The Bicycle Peddler v. Does 1-99, Case No. 13-2375, Slip. Op. (N.D. Ill. Aug. 13, 2013)(Gottshcall)
This is yet another case where numerous Does filed motions to quash subpoenas issued to their ISPs – and, following recent precedent, all of the motions were denied.
In this case, Does filed motions to quash based on the following circumstances:
• Doe (# unknown) moves to quash the subpoena issued to his/her ISP, Comcast, on the ground that it would violate his/her right to privacy. (Motion to Quash, ECF No. 22.)
• Doe (# unknown) moves to quash the subpoena, arguing that he was admitted to the hospital at the time of the alleged downloading of copyrighted material. (Motion to Quash, ECF No. 24.)
• Does 19 and 23 move to quash the subpoena because an IP address does not identify an individual infringing downloader, and to sever and dismiss Does 19 and 23 from the action because joinder is improper under Federal Rule of Civil Procedure 20(a)(2) when defendants did not participate in a BitTorrent swarm simultaneously. (Motion to Quash, ECF No. 26.)
• Doe (believed to be Doe 85) moves to quash because he does not reside in this district and would have to travel more than 100 miles to appear in this court, and because, he contends, he did not make the download in question. (Motion to Quash, ECF Nos. 27, 28, 34, 35.)
• Doe (# unknown) moves to quash because the use of an IP address does not accurately identify an infringer, the subpoena would violate his or her privacy, and joinder is improper under Rule 20. (Motion to Quash, ECF No. 30.)
To start, the Court did not rule on whether the various Does even had standing to object – a number of rulings in the Northern District of Illinois have determined that Does do not have standing to object. Second, the Court disposed of the argument that an IP address only identifies a household rather than an infringer:
[E]ven if defendants have standing, there is no merit to the challenge to the subpoenas. [The] argument that the subpoena should be quashed because the information sought will not itself identify the actual infringer demonstrates a lack of understanding of the basic scope of discovery under the federal rules. “Parties may obtain discovery regarding any non-privileged matter that is relevant to any party’s claim or defense—including the existence, description, nature, custody, condition and location of any documents or other tangible things and the identity and location of persons who know of any discoverable matter.” Fed. R. Civ. P. 26(b)(1). . . . Even if the customer associated with the IP address is not necessarily the person who illegally download[ed] plaintiff’s software, the customer’s name is the first step in identifying the proper defendant.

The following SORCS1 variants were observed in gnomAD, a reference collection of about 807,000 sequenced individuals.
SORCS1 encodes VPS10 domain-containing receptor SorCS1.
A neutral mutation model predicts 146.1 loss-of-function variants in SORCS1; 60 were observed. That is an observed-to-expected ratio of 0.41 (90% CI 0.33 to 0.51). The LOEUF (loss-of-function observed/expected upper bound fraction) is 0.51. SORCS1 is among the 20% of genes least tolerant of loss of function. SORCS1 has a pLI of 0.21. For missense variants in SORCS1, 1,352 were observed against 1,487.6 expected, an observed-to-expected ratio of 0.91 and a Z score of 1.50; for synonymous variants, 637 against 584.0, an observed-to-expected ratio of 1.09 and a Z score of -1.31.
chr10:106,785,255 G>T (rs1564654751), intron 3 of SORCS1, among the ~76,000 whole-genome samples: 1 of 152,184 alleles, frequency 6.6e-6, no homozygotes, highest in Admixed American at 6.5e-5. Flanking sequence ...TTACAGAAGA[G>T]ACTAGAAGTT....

The Court other motions as denials of liability, which is not a proper reason to quash a subpoena.
Finally, the Court turned to the motion to sever, and denied that as well. In doing so, the Court cited recent decisions by Judge Tharp and Judge Castillo in determining that joinder is appropriate even if the Does did not share data with each other, and with no requirement of temporal proximity. The Court also denied discretionary severance on the grounds that at least some efficiency is gained by having the Does in the same suit.
It is likely that the Does information has already been turned over to the Bicycle Peddler’s counsel, who are likely receiving phone calls already.
If you are identified by your ISP as a Doe Defendant in a file sharing lawsuit, you may want to review this article, which contains some helpful tips on how to deal with these kinds of suits:
Atty Ad: The Law Offices of Konrad Sherinian, LLC with offices in Naperville and Chicago, has successfully defended numerous file sharing cases alleging the use of Bit Torrent to copy movies, music, software and other content other the Internet. Call (630) 318-2606 or (312) 981-5004 today for a free consultation if you have received a subpoena letter from your ISP.